ESA’s Solar Orbiter Spacecraft Is Skimming Earth for a Gravity Assist – And It’s One of the Riskiest Planetary Flybys Ever - SciTechDaily
Nov 27, 2021 2 mins, 37 secs

Artist’s impression of Solar Orbiter making a flyby at Earth.

The chance that ESA’s Solar Orbiter spacecraft will encounter space debris during its upcoming Earth flyby is very, very low.

That there is this risk at all highlights the mess we’ve made of space – and why we need to take action to clean up after ourselves.

During the upcoming flyby, Solar Orbiter is estimated to pass just 460 km from Earth’s surface at its closest approach – about 30 kilometers above the path of the International Space Station.

It will travel twice through the Geostationary ring at 36 000 kilometers from Earth’s surface and even through low-Earth orbit, below 2000 kilometers – two regions littered with space junk.

Before we worry too much, let’s start by pointing out that the chance of Solar Orbiter being struck by debris is very, very, very small.

Earth observation missions spend their entire life in low-Earth orbit – the most debris-filled region of space, and while they perform ‘collision avoidance maneuvers’ a few times per year, Solar Orbiter will spend only a few minutes here as it heads towards closest approach and then leaves again, onward to Venus.

However small the risk, collisions with debris at low-Earth altitudes do happen.

Hubble, the NASA/ESA Space Telescope, has spent 31 years in Earth orbit at an altitude of around 547 kilometers.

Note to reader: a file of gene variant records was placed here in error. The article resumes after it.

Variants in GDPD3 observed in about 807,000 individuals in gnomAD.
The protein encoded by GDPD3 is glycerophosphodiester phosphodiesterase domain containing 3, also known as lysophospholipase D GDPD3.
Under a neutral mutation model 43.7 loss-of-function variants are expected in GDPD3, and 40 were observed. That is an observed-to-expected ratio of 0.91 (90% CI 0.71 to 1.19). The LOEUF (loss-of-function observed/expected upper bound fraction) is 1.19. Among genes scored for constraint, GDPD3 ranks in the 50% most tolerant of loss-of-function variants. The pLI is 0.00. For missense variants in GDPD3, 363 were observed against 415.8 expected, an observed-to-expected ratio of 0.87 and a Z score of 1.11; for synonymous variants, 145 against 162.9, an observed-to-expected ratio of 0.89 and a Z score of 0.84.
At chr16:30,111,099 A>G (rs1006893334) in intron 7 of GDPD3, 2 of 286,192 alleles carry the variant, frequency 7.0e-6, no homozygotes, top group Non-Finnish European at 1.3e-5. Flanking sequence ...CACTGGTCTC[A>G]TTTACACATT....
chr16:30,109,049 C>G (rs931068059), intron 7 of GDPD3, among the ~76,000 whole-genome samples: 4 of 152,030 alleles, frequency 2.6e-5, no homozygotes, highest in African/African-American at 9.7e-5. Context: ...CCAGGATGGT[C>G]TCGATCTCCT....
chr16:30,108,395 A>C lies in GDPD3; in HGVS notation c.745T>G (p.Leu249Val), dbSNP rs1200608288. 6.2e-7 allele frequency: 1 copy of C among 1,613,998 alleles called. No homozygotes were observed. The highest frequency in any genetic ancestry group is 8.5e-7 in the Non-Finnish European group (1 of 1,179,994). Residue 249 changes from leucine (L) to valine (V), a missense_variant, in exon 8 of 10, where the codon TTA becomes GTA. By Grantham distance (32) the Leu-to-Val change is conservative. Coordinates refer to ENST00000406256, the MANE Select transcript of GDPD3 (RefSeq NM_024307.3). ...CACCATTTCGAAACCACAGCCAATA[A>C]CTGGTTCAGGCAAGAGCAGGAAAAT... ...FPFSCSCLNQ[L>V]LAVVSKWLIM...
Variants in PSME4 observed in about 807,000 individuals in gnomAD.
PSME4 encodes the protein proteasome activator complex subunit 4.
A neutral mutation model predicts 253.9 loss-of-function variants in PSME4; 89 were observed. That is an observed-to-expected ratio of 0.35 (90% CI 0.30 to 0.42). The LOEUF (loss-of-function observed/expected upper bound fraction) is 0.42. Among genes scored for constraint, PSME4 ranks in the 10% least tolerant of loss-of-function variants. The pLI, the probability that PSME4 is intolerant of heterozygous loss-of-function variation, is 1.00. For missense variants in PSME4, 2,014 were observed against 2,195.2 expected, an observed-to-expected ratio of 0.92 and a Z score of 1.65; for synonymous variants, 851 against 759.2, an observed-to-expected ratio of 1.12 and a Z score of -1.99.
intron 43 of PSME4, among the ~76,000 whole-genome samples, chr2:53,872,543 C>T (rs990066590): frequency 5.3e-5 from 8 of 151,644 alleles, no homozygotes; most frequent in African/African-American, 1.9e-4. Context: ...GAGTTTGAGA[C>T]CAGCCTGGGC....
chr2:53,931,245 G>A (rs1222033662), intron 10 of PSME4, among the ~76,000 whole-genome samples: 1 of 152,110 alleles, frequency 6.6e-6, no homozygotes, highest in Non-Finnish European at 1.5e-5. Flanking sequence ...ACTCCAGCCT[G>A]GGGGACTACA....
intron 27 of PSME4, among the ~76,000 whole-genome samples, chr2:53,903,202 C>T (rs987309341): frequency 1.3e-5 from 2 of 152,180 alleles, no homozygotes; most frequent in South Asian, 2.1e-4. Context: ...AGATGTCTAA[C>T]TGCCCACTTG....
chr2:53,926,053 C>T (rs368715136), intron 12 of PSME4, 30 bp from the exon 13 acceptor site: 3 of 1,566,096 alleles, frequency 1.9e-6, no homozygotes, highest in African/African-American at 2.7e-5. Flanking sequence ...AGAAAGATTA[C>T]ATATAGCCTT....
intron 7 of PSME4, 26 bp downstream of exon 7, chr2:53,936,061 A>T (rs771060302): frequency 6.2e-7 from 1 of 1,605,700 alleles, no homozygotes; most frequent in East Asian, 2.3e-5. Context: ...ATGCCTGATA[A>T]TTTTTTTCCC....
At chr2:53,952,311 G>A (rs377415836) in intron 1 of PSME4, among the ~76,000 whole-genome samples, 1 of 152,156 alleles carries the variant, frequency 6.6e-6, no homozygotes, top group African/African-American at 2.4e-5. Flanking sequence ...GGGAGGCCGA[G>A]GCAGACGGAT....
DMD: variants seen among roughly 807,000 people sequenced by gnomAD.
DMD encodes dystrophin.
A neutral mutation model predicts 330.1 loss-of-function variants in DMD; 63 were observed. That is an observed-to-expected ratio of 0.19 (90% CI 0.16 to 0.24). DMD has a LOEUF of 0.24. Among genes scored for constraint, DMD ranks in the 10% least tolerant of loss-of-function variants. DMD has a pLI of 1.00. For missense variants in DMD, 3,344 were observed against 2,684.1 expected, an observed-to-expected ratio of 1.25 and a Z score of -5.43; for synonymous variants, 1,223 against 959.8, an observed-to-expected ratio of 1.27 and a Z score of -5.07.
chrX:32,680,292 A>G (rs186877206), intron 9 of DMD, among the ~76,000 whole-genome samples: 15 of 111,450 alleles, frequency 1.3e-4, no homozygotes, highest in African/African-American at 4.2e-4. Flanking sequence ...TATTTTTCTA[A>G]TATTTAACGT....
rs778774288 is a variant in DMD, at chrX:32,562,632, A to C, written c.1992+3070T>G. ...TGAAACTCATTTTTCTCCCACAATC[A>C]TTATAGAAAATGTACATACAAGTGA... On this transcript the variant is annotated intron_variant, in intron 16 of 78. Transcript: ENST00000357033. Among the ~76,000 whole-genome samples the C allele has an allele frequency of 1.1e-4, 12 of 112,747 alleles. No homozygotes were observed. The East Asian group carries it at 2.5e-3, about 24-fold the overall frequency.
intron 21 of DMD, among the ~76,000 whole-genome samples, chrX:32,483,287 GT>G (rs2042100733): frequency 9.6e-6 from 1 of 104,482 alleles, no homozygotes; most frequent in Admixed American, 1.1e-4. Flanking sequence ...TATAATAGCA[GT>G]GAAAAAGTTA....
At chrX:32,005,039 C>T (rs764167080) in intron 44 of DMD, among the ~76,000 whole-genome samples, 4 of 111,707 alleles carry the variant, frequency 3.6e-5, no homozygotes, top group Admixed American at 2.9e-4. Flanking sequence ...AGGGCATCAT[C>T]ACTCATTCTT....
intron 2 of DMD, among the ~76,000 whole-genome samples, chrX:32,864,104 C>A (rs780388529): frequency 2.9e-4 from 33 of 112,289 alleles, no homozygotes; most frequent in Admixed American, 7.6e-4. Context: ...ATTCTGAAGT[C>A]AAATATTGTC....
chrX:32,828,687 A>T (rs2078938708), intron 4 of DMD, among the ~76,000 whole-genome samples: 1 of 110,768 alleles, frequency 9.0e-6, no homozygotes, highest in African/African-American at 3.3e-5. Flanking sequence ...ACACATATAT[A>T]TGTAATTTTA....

ESA’s Space Debris Office also performed a collision risk analysis for this flyby as the spacecraft passed through Geostationary orbit, although it flew well above the debris-filled low-Earth orbit.

While the risk to Solar Orbiter during its upcoming Earth flyby is small, it’s still “non-zero”.

It didn’t face this risk as it swung by Venus, nor did ESA’s Space Debris Office have to perform collision risk analysis as BepiColombo recently zipped by Mercury, or when Cassini–Huygens flew by Jupiter.

Past Earth flybys, for example, when Cassini/Huygens flew by Earth in 1999, as Rosetta returned three times in 2005, 2007 and 2009, and Juno swung by in 2013, there were fewer satellites, fewer debris, and no ‘mega constellations’ in orbit.

ESA’s Space Debris Office recently began risk assessments based on Solar Orbiter’s trajectory and the expected position of cataloged objects in orbit around Earth, providing a collision probability for any specific close approaches.

Space might seem an empty, vast expanse, but satellites in Earth’s orbit face the constant risk of collision – with other satellites, dead or alive, or with fragments of debris.

For each of the Sentinel missions in Earth orbit, a collision avoidance maneuver is performed about once every five to six months when the ‘miss distance’ with another object is considered too risky.

Once Solar Orbiter comes up from low-Earth orbit and passes above geostationary orbit it is out of the risk zone.

While Solar Orbiter zips by, passing just momentarily through Earth’s orbital highways, it’s an important reminder that the space debris problem is unique to Earth, of our own making, and ours to clean up.

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